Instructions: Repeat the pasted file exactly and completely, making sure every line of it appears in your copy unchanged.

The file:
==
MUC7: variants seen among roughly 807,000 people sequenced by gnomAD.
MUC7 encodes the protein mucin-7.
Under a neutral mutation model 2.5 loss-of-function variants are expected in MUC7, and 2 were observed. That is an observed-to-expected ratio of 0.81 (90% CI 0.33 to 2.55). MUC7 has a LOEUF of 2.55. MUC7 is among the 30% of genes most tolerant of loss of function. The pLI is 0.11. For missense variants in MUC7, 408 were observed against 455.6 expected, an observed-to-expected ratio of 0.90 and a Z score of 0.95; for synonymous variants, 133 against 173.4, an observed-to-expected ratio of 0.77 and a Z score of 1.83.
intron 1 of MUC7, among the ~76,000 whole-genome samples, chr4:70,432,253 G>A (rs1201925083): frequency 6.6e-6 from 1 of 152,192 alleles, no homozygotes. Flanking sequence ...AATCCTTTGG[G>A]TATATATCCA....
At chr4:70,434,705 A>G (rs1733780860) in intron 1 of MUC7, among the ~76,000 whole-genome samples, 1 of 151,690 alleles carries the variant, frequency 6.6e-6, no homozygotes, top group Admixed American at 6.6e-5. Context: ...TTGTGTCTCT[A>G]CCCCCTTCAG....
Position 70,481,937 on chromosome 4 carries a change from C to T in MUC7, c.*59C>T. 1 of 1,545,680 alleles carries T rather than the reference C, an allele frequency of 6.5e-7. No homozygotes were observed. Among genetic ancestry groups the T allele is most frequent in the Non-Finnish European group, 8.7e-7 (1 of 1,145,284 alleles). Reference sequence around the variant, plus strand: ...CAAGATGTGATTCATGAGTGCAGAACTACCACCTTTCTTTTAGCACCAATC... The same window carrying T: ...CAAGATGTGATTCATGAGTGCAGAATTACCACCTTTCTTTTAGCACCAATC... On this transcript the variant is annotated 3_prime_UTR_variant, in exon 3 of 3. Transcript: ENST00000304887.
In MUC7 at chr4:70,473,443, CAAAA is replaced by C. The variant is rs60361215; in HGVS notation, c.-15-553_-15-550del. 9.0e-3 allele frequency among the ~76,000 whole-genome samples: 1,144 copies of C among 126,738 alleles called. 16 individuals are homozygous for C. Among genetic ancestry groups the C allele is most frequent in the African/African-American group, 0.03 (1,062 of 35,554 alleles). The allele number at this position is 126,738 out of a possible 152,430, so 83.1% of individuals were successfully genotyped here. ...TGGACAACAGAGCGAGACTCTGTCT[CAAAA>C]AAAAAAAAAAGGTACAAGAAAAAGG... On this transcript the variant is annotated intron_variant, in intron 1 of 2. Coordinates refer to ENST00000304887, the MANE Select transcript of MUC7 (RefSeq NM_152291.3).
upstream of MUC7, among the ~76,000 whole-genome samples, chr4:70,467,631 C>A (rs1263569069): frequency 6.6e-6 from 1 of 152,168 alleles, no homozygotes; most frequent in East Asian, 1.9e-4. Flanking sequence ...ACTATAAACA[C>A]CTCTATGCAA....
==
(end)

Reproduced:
MUC7: variants seen among roughly 807,000 people sequenced by gnomAD.
MUC7 encodes the protein mucin-7.
Under a neutral mutation model 2.5 loss-of-function variants are expected in MUC7, and 2 were observed. That is an observed-to-expected ratio of 0.81 (90% CI 0.33 to 2.55). MUC7 has a LOEUF of 2.55. MUC7 is among the 30% of genes most tolerant of loss of function. The pLI is 0.11. For missense variants in MUC7, 408 were observed against 455.6 expected, an observed-to-expected ratio of 0.90 and a Z score of 0.95; for synonymous variants, 133 against 173.4, an observed-to-expected ratio of 0.77 and a Z score of 1.83.
intron 1 of MUC7, among the ~76,000 whole-genome samples, chr4:70,432,253 G>A (rs1201925083): frequency 6.6e-6 from 1 of 152,192 alleles, no homozygotes. Flanking sequence ...AATCCTTTGG[G>A]TATATATCCA....
At chr4:70,434,705 A>G (rs1733780860) in intron 1 of MUC7, among the ~76,000 whole-genome samples, 1 of 151,690 alleles carries the variant, frequency 6.6e-6, no homozygotes, top group Admixed American at 6.6e-5. Context: ...TTGTGTCTCT[A>G]CCCCCTTCAG....
Position 70,481,937 on chromosome 4 carries a change from C to T in MUC7, c.*59C>T. 1 of 1,545,680 alleles carries T rather than the reference C, an allele frequency of 6.5e-7. No homozygotes were observed. Among genetic ancestry groups the T allele is most frequent in the Non-Finnish European group, 8.7e-7 (1 of 1,145,284 alleles). Reference sequence around the variant, plus strand: ...CAAGATGTGATTCATGAGTGCAGAACTACCACCTTTCTTTTAGCACCAATC... The same window carrying T: ...CAAGATGTGATTCATGAGTGCAGAATTACCACCTTTCTTTTAGCACCAATC... On this transcript the variant is annotated 3_prime_UTR_variant, in exon 3 of 3. Transcript: ENST00000304887.
In MUC7 at chr4:70,473,443, CAAAA is replaced by C. The variant is rs60361215; in HGVS notation, c.-15-553_-15-550del. 9.0e-3 allele frequency among the ~76,000 whole-genome samples: 1,144 copies of C among 126,738 alleles called. 16 individuals are homozygous for C. Among genetic ancestry groups the C allele is most frequent in the African/African-American group, 0.03 (1,062 of 35,554 alleles). The allele number at this position is 126,738 out of a possible 152,430, so 83.1% of individuals were successfully genotyped here. ...TGGACAACAGAGCGAGACTCTGTCT[CAAAA>C]AAAAAAAAAAGGTACAAGAAAAAGG... On this transcript the variant is annotated intron_variant, in intron 1 of 2. Coordinates refer to ENST00000304887, the MANE Select transcript of MUC7 (RefSeq NM_152291.3).
upstream of MUC7, among the ~76,000 whole-genome samples, chr4:70,467,631 C>A (rs1263569069): frequency 6.6e-6 from 1 of 152,168 alleles, no homozygotes; most frequent in East Asian, 1.9e-4. Flanking sequence ...ACTATAAACA[C>A]CTCTATGCAA....